Dol­lar strength­ens amid quiet trad­ing NBK MONEY MAR­KETS RE­PORT

Kuwait Times - - BUSINESS -

Last week, the US dol­lar traded on a strong foot­ing against most of its ma­jors on the back of bet­ter US data, sup­port­ing rate hike ex­pec­ta­tions in the mar­ket. Ex­pec­ta­tions of a rate hike in De­cem­ber re­mained sup­ported above 70 per­cent as the US econ­omy con­tin­ues to re­lease pos­i­tive fig­ures across all sec­tors, es­pe­cially man­u­fac­tur­ing. Mean­while, in­ter­est rate dif­fer­en­tials con­tinue to dic­tate the mar­ket as mone­tary pol­icy di­ver­gence be­tween ma­jor cen­tral banks and the Fed are ex­pected to widen fur­ther un­der the cur­rent eco­nomic con­di­tions.

The dol­lar In­dex opened the week at 98.695 and quickly jumped to a high of 99.119 amid a bet­ter than ex­pected man­u­fac­tur­ing PMI fig­ure. How­ever, the in­dex lost that mo­men­tum as con­sumer con­fi­dence dis­ap­pointed push­ing the dol­lar to re­treat to a low of 98.335. The cur­rency re­gained its mo­men­tum and closed the week at 98.340.

The euro traded in a volatile man­ner last week. The cur­rency ini­tially dropped to a low of 1.0851 de­spite pos­i­tive data from the bloc’s ma­jor economies. The sin­gle cur­rency re­versed its losses and surged to a high of 1.0946 as man­u­fac­tur­ing or­ders in­di­cated higher price pres­sures, re­duc­ing the pos­si­bil­ity of fur­ther stim­u­lus from the ECB in their up­com­ing meet­ing. The Euro closed the week at 1.0981.

In the UK, “Brexit” wor­ries con­tin­ued to dic­tate the per­for­mance of the ster­ling last week. The pound opened at 1.2234 and dropped to a low of 1.2083 as com­ments from the Bri­tish Chan­cel­lor in­di­cated that the exit from the EU might be worse than pre­vi­ously ex­pected. Yet, the ca­ble was able to re­coup some of its losses as com­ments from the BoE gov­er­nor in­di­cated that the cen­tral bank might not cut rates to curb risks of im­ported in­fla­tion re­sult­ing from a lower cur­rency. The cur­rency con­tin­ued to drop de­spite data that showed that the growth trend in the UK is still not af­fected by “Brexit.”

In Ja­pan, the Ja­panese yen con­tin­ues to lose its foot­ing against the green­back as ex­pec­ta­tions of fur­ther ef­forts from the BoJ to push prices higher were fu­elled by dis­ap­point­ing CPI fig­ures re­leased last week. The USD/JPY reached a 3-month high at 105.42, de­spite com­ments from BoJ’s Kuroda that the bank might re­frain from any ad­di­tional stim­u­lus in its next meet­ing. The cur­rency closed at 104.69.

On the com­modi­ties side, oil prices edged lower on Fri­day and were set for the big­gest weekly losses in six weeks over doubts about whether OPEC and non-OPEC oil pro­duc­ers will be able to agree on an out­put cut big enough to curb a global glut that has weighed on mar­kets for two years. Dis­agree­ments re­main over which mem­bers should be ex­empt from a curb to re­duce out­put to a range of 32.5-33 mil­lion bar­rels per day. Brent crude fu­tures were down 16 cents at $50.31 a bar­rel. While, US West Texas In­ter­me­di­ate crude was down 27 cents at $49.45 a bar­rel, also on track for its big­gest weekly loss in six weeks.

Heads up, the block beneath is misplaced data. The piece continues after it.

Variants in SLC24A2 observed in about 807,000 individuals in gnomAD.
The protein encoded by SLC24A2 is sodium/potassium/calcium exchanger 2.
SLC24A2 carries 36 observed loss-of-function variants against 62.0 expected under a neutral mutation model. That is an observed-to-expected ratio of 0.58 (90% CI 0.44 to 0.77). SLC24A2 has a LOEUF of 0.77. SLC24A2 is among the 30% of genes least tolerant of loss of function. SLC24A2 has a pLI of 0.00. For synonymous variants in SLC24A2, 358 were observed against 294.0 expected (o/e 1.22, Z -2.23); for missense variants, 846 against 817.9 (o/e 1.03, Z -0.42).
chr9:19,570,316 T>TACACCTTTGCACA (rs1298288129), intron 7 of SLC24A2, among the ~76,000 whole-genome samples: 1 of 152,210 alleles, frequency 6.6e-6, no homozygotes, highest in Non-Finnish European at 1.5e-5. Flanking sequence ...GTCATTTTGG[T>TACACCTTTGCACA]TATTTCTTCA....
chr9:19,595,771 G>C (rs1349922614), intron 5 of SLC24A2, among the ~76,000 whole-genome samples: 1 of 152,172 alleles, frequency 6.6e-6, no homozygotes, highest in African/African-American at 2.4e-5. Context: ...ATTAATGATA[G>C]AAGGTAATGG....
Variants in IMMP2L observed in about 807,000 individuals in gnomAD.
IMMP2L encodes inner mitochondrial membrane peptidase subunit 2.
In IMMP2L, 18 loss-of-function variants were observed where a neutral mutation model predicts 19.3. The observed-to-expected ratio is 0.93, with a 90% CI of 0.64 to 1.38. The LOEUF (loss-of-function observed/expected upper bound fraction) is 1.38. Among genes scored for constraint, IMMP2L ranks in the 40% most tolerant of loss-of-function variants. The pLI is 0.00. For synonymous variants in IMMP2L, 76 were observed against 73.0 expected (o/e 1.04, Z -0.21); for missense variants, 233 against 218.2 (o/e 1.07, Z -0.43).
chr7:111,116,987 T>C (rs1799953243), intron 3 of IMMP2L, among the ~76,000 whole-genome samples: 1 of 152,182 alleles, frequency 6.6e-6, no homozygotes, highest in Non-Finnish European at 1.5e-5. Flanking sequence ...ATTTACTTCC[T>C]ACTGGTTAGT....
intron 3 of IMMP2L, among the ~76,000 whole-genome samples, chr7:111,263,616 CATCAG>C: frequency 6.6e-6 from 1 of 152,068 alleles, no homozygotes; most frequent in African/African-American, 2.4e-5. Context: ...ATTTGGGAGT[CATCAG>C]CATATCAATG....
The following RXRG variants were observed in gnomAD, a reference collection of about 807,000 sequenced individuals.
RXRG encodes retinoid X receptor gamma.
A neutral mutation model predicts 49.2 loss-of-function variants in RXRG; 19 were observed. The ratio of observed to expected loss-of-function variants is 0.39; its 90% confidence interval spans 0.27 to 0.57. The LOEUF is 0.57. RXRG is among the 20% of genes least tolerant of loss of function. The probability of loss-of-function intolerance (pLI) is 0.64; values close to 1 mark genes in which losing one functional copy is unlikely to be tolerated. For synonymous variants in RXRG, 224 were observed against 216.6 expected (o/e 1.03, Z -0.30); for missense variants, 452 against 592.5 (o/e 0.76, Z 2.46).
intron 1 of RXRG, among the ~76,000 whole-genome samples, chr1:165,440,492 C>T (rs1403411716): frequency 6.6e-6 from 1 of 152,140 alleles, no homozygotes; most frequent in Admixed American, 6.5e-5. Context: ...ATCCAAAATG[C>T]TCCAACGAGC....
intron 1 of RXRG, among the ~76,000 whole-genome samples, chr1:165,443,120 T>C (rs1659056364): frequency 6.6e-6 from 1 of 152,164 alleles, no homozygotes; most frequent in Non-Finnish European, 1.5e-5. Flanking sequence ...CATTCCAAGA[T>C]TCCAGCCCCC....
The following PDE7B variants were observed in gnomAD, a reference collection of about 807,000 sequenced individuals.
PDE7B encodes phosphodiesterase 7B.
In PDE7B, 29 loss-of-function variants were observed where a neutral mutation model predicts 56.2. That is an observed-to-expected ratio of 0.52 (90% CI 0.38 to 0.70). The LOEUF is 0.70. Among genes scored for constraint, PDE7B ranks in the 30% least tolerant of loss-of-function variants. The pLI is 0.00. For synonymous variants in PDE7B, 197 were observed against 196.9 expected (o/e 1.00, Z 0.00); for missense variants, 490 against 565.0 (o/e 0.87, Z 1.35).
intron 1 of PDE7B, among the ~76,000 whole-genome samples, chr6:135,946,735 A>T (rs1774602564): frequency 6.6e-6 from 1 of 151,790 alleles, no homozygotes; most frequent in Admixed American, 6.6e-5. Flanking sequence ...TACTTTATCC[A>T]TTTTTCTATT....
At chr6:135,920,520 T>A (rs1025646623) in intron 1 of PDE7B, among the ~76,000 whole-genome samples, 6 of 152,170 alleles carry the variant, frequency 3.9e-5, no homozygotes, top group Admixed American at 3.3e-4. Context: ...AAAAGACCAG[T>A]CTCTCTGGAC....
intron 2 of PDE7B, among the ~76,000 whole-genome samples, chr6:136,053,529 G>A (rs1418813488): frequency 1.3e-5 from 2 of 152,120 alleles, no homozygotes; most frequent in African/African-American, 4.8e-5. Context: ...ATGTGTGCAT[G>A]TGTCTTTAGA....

Man­u­fac­tur­ing in the US

Flash man­u­fac­tur­ing PMI Oc­to­ber fig­ure in the US came stronger than ex­pected at 53.2 ver­sus 51.6, in­di­cat­ing that the man­u­fac­tur­ing sec­tor in the US is in ex­pan­sion­ary mode. Whereas, the 50 level sep­a­rates ex­pan­sion from con­trac­tion in the in­dex. The cur­rent Oc­to­ber fig­ure is the high­est since Oc­to­ber 2015, fu­elling fur­ther the pos­si­bil­ity of a FED rate hike in De­cem­ber.

Con­sumer Con­fi­dence re­treated af­ter twom­onth gains to 98.6 in­di­cat­ing the per­cep­tion of an ex­pand­ing econ­omy in the short­term but at a slower pace. Fur­ther­more, con­sumer’s eval­u­a­tion of “good” busi­ness con­di­tions de­creased from 27.7 per­cent to 26.2 per­cent while those say­ing con­di­tions are “bad” in­creased from 15.8 per­cent to 17.7 per­cent. Con­sumer’s as­sess­ment on the la­bor mar­ket had the same trend, as sur­veyed con­sumers stat­ing jobs are “plen­ti­ful” fell from 27.6 per­cent to 24.3 per­cent, while those claim­ing jobs are “hard to get” fell from 22.3 per­cent to 22.1 per­cent.

New home sales in Septem­ber con­tin­ued to grow from 575K to 593K but lower than the ex­pected 601K. The me­dian price of new homes sold in Septem­ber was $313,500, 6.7 per­cent higher than in Au­gust, and 1.9 per­cent higher than a year ago which trans­lated into the less-than-ex­pected data. While, pend­ing home sales edged up by 4 per­cent from -2.5 per­cent to 1.5 per­cent in Septem­ber fol­low­ing Au­gust’s no­table dip and sales are at their fifth high­est level over the past year. The data in­di­cates that record low mort­gage rates con­tinue to sup­port sales and prices in the sec­tor.

Or­ders for US busi­ness equip­ment fell in Septem­ber by the most in seven months, in­di­cat­ing cor­po­rate in­vest­ment is hav­ing trou­ble gain­ing trac­tion. Durable goods or­ders ex­clud­ing trans­porta­tion equip­ment, which are of­ten volatile from month to month, climbed 0.2 per­cent af­ter a 0.1 per­cent gain. Book­ings for mil­i­tary cap­i­tal equip­ment de­creased 7.7 per­cent, and de­mand for non-de­fense durable goods rose 0.7 per­cent. Durable goods in­ven­to­ries crept up 0.1 per­cent for a sec­ond month, while un­filled or­ders for non-de­fense cap­i­tal goods ex­clud­ing air­craft rose 0.2 per­cent.